The Euro Area Needs a Fiscal Union

By Helge Berger, Giovanni Dell’Ariccia, and Maurice Obstfeld

February 21, 2018

Version in Français (French) 

Without more tangible elements of a fiscal union, the euro area will remain fundamentally vulnerable to shocks. (photo: iStock by GettyImages) .

The euro area is experiencing a robust recovery, but the architecture supporting Europe’s currency union remains incomplete and leaves the region vulnerable to future financial crises.

While substantial progress has been made to address some architectural issues—conditional lending facilities and key elements of a banking union—we argue in our recent paper that the euro area needs to build elements of a common fiscal policy, including more fiscal risk sharing, to preserve financial and economic integration and stability. Without some degree of fiscal union, the region will continue to face existential risks that policymakers should not ignore. While this is not a new topic, the current favorable economic climate might be the moment to advance the discussion—and the chance to strengthen the euro area. Continue reading “The Euro Area Needs a Fiscal Union” »

Chart of the Week: Inequality, Your Health, and Fiscal Policy

By Mercedes García-EscribanoBaoping Shang, and Emmanouil (Manos) Kitsios

February 5, 2018 

 Catania Sicily, Italy.  Men with a lower level of education live shorter lives, on average, than their better educated fellow citizens (photo: Jann Huizenga/Getty Images/IStock).

The gap in life expectancy between rich and poor people is a worldwide phenomenon, and has grown dramatically in recent years in some countries.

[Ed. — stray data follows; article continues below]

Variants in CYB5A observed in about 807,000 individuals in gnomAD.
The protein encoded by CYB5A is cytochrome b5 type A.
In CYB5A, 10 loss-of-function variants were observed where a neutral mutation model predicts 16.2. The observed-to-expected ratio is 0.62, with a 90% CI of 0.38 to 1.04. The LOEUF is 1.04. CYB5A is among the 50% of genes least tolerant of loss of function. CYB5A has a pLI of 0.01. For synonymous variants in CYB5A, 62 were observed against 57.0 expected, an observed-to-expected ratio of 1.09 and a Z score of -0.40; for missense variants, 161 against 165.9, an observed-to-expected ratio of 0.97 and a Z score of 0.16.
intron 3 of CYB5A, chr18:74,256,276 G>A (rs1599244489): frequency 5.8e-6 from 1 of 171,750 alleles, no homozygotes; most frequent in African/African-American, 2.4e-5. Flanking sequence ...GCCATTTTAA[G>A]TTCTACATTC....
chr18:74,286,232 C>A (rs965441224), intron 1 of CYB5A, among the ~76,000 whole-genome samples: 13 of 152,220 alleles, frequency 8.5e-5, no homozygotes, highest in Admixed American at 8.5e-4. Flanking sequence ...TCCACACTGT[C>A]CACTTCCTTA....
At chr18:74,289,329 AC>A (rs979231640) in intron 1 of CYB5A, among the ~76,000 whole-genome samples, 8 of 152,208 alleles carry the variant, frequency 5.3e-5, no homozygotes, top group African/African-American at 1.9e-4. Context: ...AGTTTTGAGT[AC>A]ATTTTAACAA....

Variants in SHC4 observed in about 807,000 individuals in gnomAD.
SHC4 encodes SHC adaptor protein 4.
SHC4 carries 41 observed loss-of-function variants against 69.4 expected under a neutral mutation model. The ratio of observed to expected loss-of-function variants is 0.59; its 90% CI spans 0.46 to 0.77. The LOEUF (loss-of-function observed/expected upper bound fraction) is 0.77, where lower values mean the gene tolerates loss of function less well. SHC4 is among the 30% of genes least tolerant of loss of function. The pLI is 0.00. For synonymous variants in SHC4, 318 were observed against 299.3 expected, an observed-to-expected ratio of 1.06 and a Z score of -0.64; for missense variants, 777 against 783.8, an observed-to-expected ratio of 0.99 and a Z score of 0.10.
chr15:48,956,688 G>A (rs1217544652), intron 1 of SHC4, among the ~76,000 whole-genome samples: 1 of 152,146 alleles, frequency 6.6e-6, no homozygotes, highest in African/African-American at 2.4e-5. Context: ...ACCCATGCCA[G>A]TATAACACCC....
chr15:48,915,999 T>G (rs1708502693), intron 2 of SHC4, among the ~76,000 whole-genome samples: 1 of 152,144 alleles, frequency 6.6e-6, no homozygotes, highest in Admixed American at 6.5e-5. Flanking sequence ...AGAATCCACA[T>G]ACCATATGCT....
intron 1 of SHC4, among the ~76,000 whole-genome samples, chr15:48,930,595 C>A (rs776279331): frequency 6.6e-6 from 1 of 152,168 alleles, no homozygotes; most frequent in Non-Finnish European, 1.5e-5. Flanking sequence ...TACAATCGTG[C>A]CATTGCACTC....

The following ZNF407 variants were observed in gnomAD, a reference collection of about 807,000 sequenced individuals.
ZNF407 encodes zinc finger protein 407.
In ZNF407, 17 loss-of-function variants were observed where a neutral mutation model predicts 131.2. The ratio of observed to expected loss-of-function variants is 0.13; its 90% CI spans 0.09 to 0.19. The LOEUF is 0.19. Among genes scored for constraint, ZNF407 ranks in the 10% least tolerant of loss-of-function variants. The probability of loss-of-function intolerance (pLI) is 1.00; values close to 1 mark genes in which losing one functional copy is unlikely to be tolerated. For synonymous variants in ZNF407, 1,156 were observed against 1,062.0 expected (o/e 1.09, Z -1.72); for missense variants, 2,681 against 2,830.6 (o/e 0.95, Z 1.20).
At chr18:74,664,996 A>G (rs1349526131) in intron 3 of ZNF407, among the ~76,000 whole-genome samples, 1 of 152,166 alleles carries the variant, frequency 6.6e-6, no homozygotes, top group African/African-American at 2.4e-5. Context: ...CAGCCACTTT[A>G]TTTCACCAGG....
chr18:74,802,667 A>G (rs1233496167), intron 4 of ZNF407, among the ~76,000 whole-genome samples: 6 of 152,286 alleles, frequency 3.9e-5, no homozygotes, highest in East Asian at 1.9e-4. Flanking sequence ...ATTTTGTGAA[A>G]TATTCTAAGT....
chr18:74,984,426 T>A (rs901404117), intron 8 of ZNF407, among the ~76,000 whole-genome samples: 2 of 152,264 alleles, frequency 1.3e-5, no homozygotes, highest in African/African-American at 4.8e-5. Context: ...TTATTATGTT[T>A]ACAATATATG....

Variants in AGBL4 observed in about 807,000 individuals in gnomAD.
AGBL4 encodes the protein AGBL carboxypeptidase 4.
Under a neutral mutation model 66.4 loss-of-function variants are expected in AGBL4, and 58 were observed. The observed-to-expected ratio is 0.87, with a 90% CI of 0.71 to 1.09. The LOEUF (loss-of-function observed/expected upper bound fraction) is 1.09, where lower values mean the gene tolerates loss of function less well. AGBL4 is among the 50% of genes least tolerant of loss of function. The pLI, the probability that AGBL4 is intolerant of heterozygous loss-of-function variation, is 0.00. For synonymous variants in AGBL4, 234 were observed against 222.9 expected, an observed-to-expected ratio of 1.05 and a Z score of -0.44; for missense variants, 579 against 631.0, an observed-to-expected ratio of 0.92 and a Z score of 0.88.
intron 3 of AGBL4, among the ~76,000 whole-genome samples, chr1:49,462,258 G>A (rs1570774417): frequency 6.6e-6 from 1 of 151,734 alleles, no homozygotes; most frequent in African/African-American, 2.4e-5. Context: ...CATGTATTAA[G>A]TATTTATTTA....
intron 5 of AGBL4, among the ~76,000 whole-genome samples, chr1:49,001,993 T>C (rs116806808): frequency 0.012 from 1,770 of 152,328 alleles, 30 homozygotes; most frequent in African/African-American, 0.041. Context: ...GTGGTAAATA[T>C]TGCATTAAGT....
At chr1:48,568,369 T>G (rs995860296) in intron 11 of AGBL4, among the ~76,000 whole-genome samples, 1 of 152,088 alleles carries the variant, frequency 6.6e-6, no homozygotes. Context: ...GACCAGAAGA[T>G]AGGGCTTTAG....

In our Chart of the Week, we show how this longevity gap, which reflects inequality in access to health care and its impact on peoples’ overall health, varies across countries. Men with a lower level of education live shorter lives, on average, than their better educated fellow citizens: this gap ranges from four years in Italy, to 14 years in Hungary, according to the October 2017 Fiscal Monitor. Continue reading “Chart of the Week: Inequality, Your Health, and Fiscal Policy” »

Countries in the IMF Financial Spotlight in 2018

By IMF Blog

January 31, 2018

Versions in عربي (Arabic),  中文 (Chinese), Français (French), 日本語 (Japanese), Español (Spanish), Русский (Russian)

Financial sector assessments are showing that countries and financial systems are adapting better methods to monitor financial vulnerabilities (photo: Ingram Publishing/Newscom).

The IMF in 2018 will complete ten assessments of countries’ financial systems, to identify risks and propose policies to strengthen their financial stability. Three of this year’s reviews will be for countries with Systemically Important Financial Systems : Belgium, Brazil and Poland. In addition, IMF experts will assess the euro area’s financial stability. Other financial stability assessments will cover Armenia, Jamaica, Namibia, Peru, Romania, and Tanzania.

Continue reading “Countries in the IMF Financial Spotlight in 2018” »

Latin America and the Caribbean in 2018: An Economic Recovery in the Making

By Alejandro Werner

January 25, 2018

Versions in Español (Spanish) and Português (Portuguese)

Latin America’s economic recovery is expected to benefit from higher commodity prices (photo: iStock by Getty Images)

Recent trends in the world economy and financial markets are good news for Latin America. Global growth and trade are on an upswing, and we expect the momentum to continue in 2018. Stronger commodity prices have also helped the region rebound. Continue reading “Latin America and the Caribbean in 2018: An Economic Recovery in the Making” »

5 Things You Need to Know About Inequality

By IMFBlog

January 23, 2018

Versions in عربي (Arabic),  中文  (Chinese), Español (Spanish), Français (French),  Русский (Russian)

A man with donations from a food bank in Los Angeles, California: inequality within countries is on the rise, including in advanced economies like the United States (photo: Lucy Nicholson/Newscom).

Tackling inequality is not only a moral imperative. It is critical for sustaining growth.